Why does it feel so good while I’m eating and then terrible afterwards?

For some, emotional eating is not a major problem, as they do it only occasionally and to a lesser extent. For others, emotional eating becomes compulsive eating and is potentially more serious. It may become a chronic problem that can develop into binge eating disorder.

Q: Some days I feel like eating every piece of food that’s in front of me. I sneak to the store by myself and eat in my car. I sneak food from the kitchen after my family is asleep. Sometimes I look frantically for some type of food without really knowing why, or what exactly I’m looking for. I justify my extra eating by telling myself that it’s OK this once, that I deserve this. Snacking and munching on food makes me feel good and relieved in some way at the time. I forget about my stress. But after the eating is finished, I still feel stressed and sometimes worse about myself than before. So then I eat something else, like cookies and bread with jam. It seems that I can’t stop eating until I feel so full and guilty. Why do I keep doing this? Why does it feel so good while I’m eating and then terrible afterwards?

A: Eating can be categorized in two ways: One driven by biological hunger (sometimes referred to as stomach hunger), and one driven by psychological hunger (sometimes referred to as mouth hunger). The first type generally is related to the body’s need for fuel to sustain life and functioning. The second type is related to the human need for stress relief, comfort, safety, love and nurturing.

Needless to say life is full of stressors — family and work responsibilities, deadlines, financial pressures, relationship challenges and internal pressures (e.g., feelings of guilt, anxiety). For some people, even minor stressors can lead to overeating when they feel upset or overwhelmed.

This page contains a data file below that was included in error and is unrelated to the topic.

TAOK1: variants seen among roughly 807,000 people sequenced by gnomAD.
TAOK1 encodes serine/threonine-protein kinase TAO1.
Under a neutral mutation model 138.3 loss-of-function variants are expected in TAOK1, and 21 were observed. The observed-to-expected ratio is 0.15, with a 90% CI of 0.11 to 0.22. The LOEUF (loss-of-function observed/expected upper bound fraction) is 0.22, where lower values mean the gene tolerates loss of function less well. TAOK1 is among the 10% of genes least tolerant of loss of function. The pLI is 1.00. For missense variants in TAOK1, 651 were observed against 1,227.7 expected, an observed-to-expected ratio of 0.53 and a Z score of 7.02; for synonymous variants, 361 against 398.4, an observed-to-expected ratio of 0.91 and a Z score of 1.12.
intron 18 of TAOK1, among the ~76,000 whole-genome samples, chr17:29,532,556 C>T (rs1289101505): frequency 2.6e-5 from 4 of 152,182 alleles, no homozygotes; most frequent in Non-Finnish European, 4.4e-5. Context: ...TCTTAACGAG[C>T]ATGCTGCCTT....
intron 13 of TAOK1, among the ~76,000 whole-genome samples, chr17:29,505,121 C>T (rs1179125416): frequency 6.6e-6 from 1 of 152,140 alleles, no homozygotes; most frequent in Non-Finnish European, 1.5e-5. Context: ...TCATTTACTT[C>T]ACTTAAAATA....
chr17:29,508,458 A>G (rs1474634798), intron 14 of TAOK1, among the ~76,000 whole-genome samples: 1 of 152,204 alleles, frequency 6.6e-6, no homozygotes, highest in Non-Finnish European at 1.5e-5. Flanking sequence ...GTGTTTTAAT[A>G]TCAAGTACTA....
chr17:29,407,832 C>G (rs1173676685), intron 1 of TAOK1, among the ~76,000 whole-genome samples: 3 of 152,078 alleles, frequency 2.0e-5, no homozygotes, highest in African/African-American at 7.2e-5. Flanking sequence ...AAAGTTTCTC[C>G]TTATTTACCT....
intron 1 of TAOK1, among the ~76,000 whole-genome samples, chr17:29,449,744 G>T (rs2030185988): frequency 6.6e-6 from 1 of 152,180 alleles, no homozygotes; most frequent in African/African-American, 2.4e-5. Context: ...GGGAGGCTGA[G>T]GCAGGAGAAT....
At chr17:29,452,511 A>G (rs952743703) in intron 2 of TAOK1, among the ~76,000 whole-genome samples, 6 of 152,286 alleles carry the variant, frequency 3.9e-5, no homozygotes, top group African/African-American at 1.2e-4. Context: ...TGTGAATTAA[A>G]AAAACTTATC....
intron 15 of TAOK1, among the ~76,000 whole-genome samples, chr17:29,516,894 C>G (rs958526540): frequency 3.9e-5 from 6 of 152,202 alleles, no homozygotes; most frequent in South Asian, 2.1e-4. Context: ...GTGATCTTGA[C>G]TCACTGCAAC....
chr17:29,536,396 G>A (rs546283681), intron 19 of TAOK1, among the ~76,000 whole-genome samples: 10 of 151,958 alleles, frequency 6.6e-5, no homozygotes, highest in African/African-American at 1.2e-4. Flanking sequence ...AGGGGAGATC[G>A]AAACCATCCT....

Eating certain types of food can calm and sooth emotions and thoughts for many people.

Foods high in simple carbohydrates (e.g., highly processed: sweet desserts, white flour pasta with creamy sauces) and fat are often those used to comfort and ease distress, hence the term comfort foods. Though, sometimes people eat those foods just because they enjoy the taste. Cravings for comfort foods have also been linked with biological functions (brain and body) that are involved in stress (e.g., chemicals of mood regulation, other hormone fluctuations), as well as other psychological factors (e.g., negative self thoughts, shame, guilt).

Sometimes eating for comfort and stress relief is referred to as emotional eating or stress eating. Eating for comfort can relieve psychological hunger by changing pleasant or unpleasant feelings and sensations. For instance, increasing, positive feelings/emotions (e.g., happiness, excitement/surprise), decreasing or eliminating negative feelings/emotions (e.g., worry, negative self thoughts, guilt), and increasing a sense of relief (e.g. calm, content).